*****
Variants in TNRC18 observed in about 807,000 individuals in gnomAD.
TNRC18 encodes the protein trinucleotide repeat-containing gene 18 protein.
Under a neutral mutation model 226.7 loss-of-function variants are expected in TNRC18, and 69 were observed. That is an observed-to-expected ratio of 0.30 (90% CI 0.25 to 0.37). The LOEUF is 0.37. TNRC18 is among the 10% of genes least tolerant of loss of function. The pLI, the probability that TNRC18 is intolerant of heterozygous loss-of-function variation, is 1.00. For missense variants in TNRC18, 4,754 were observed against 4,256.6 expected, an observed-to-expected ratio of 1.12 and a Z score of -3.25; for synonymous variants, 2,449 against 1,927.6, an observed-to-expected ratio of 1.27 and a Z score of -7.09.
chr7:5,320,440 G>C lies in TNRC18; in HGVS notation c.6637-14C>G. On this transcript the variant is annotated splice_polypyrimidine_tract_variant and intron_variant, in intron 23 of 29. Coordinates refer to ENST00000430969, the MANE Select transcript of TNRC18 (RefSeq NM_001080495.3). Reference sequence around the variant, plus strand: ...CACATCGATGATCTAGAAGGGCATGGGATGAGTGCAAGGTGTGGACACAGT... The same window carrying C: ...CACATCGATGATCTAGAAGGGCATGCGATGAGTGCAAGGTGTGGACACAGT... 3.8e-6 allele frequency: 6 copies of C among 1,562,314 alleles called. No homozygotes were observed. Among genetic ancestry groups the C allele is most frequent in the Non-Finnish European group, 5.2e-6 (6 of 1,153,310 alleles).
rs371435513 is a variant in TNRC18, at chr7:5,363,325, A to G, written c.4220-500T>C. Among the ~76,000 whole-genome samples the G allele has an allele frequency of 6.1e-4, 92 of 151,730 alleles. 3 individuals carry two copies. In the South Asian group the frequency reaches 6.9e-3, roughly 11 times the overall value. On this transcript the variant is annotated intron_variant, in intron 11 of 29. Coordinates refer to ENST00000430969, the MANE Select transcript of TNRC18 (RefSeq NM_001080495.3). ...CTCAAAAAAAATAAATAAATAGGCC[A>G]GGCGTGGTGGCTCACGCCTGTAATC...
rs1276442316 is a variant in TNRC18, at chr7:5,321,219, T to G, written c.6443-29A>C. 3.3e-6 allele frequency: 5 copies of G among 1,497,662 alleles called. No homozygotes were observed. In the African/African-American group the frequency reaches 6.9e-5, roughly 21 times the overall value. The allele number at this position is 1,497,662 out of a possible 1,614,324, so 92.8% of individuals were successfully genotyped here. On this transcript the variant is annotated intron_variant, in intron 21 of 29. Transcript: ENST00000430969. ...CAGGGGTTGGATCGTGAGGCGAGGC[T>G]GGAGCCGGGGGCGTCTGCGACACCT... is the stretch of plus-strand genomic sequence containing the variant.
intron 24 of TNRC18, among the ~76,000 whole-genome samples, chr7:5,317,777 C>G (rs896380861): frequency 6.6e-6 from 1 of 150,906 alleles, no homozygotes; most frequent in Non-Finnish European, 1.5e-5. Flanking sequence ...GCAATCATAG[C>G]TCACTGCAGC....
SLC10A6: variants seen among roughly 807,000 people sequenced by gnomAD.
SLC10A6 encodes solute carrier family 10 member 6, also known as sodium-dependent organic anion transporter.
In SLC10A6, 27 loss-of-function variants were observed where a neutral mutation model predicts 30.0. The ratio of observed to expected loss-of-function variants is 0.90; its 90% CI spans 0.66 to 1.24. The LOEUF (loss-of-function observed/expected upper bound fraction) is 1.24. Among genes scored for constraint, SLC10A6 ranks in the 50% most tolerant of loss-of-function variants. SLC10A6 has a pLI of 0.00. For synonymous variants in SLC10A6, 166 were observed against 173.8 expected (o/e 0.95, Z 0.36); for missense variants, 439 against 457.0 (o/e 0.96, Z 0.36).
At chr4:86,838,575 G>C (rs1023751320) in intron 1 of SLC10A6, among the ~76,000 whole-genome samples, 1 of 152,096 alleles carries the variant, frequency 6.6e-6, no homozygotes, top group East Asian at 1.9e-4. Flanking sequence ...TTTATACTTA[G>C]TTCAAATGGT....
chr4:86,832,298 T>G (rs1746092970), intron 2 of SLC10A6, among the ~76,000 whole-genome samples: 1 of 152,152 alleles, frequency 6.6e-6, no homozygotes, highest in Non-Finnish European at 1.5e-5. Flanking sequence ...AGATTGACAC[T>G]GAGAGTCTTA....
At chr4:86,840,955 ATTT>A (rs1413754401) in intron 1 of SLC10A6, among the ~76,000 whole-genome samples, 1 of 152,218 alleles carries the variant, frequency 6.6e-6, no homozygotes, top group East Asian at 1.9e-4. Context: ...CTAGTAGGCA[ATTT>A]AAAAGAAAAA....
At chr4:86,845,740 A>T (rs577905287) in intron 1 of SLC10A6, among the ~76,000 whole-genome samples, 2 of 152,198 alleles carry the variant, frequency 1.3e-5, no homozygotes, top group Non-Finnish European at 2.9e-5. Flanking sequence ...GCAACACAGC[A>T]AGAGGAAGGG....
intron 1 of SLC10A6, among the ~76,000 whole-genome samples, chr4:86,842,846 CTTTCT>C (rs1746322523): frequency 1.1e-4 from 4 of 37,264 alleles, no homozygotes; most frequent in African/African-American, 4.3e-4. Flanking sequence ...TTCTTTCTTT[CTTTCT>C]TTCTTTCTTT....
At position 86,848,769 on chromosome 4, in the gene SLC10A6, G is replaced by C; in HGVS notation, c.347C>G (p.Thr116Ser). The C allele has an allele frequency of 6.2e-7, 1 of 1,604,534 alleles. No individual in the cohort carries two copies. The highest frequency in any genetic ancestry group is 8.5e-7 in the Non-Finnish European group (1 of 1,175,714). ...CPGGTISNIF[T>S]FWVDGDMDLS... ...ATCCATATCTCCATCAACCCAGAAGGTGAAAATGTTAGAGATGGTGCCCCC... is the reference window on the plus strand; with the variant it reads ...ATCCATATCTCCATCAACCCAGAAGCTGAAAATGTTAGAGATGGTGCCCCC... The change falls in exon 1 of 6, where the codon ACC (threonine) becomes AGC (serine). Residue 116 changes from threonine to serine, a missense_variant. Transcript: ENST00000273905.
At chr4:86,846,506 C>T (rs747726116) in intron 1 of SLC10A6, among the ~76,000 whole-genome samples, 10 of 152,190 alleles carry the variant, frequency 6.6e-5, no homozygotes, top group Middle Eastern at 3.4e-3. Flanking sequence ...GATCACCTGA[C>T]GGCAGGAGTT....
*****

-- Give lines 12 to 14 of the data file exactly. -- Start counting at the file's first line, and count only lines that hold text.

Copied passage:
chr4:86,832,298 T>G (rs1746092970), intron 2 of SLC10A6, among the ~76,000 whole-genome samples: 1 of 152,152 alleles, frequency 6.6e-6, no homozygotes, highest in Non-Finnish European at 1.5e-5. Flanking sequence ...AGATTGACAC[T>G]GAGAGTCTTA....
At chr4:86,840,955 ATTT>A (rs1413754401) in intron 1 of SLC10A6, among the ~76,000 whole-genome samples, 1 of 152,218 alleles carries the variant, frequency 6.6e-6, no homozygotes, top group East Asian at 1.9e-4. Context: ...CTAGTAGGCA[ATTT>A]AAAAGAAAAA....
At chr4:86,845,740 A>T (rs577905287) in intron 1 of SLC10A6, among the ~76,000 whole-genome samples, 2 of 152,198 alleles carry the variant, frequency 1.3e-5, no homozygotes, top group Non-Finnish European at 2.9e-5. Flanking sequence ...GCAACACAGC[A>T]AGAGGAAGGG....